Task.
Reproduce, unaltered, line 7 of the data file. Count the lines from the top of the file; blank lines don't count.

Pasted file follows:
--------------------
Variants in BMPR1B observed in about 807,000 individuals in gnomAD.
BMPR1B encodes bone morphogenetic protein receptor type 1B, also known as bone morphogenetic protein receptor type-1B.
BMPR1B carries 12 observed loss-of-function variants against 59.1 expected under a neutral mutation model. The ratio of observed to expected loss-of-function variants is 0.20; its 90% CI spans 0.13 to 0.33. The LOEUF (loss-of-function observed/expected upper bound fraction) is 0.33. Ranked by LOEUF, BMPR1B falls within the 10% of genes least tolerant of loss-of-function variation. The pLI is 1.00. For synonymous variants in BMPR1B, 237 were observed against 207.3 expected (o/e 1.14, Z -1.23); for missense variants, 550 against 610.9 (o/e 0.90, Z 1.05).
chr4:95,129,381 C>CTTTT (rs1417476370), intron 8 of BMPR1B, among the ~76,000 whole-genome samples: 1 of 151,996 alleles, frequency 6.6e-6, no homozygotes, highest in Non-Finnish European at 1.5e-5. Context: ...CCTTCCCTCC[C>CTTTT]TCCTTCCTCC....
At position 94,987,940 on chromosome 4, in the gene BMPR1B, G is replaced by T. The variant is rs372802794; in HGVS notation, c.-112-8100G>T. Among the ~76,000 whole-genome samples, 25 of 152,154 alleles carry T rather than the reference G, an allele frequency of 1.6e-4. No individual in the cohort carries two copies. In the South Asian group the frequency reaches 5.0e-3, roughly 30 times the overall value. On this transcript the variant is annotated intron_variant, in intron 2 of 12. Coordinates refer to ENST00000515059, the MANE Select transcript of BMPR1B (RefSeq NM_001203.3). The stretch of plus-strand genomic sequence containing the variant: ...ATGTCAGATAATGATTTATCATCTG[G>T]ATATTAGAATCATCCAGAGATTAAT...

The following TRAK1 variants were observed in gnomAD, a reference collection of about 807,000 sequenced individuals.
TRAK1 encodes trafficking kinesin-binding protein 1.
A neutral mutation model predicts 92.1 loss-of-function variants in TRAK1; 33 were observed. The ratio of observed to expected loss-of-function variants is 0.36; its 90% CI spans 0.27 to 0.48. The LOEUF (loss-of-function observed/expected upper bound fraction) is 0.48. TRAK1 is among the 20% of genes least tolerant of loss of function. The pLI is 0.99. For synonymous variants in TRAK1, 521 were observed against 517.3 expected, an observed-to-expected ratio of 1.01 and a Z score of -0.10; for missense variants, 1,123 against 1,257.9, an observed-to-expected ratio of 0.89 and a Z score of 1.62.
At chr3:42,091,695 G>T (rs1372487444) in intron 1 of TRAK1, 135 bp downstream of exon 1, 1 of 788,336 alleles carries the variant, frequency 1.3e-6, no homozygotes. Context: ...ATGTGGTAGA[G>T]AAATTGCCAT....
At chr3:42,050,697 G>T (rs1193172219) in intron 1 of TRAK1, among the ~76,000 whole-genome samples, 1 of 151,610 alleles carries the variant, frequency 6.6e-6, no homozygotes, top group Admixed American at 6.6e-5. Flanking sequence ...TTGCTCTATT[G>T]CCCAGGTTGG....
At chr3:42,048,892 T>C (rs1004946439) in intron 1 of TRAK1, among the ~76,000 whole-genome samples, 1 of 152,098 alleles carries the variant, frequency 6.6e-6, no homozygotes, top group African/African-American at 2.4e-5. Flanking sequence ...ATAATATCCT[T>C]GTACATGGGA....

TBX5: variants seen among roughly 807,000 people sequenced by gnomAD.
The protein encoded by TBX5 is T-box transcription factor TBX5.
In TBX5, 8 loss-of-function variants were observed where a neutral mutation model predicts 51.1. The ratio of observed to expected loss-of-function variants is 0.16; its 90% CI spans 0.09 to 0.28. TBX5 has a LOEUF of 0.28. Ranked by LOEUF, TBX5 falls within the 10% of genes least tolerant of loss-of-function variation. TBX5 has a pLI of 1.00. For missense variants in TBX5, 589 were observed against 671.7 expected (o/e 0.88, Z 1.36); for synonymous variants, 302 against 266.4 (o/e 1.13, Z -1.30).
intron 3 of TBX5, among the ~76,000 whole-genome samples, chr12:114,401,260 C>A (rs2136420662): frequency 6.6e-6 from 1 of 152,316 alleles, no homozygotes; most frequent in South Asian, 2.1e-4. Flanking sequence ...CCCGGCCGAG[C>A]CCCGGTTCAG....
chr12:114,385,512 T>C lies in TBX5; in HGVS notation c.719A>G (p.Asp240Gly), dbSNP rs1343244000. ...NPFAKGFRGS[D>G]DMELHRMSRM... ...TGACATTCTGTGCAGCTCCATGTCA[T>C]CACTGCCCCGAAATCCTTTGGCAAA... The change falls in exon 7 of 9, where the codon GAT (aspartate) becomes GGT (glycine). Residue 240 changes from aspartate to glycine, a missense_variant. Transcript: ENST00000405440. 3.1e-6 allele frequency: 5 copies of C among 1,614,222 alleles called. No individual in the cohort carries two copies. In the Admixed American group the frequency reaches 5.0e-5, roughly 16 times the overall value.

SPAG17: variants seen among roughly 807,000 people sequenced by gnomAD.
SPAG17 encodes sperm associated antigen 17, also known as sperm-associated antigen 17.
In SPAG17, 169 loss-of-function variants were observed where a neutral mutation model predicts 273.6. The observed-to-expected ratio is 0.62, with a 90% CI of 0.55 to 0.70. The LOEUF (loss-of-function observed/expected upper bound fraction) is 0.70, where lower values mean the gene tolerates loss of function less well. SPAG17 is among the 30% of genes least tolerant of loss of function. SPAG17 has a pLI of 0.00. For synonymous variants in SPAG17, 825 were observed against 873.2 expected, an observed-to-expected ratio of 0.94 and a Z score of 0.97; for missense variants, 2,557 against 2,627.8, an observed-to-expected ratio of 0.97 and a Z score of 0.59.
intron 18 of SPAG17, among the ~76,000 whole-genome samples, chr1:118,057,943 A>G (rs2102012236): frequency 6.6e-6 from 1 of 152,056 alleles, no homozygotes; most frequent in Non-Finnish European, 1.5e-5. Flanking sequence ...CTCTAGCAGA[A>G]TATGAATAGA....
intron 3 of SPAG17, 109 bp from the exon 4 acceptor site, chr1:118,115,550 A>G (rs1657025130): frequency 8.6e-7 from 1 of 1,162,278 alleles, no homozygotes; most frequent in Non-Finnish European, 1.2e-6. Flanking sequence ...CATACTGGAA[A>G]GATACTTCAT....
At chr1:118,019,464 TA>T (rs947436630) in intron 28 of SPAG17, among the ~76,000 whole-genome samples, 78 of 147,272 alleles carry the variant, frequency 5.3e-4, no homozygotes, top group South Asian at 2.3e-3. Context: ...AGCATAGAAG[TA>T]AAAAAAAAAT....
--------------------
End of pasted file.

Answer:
TRAK1 encodes trafficking kinesin-binding protein 1.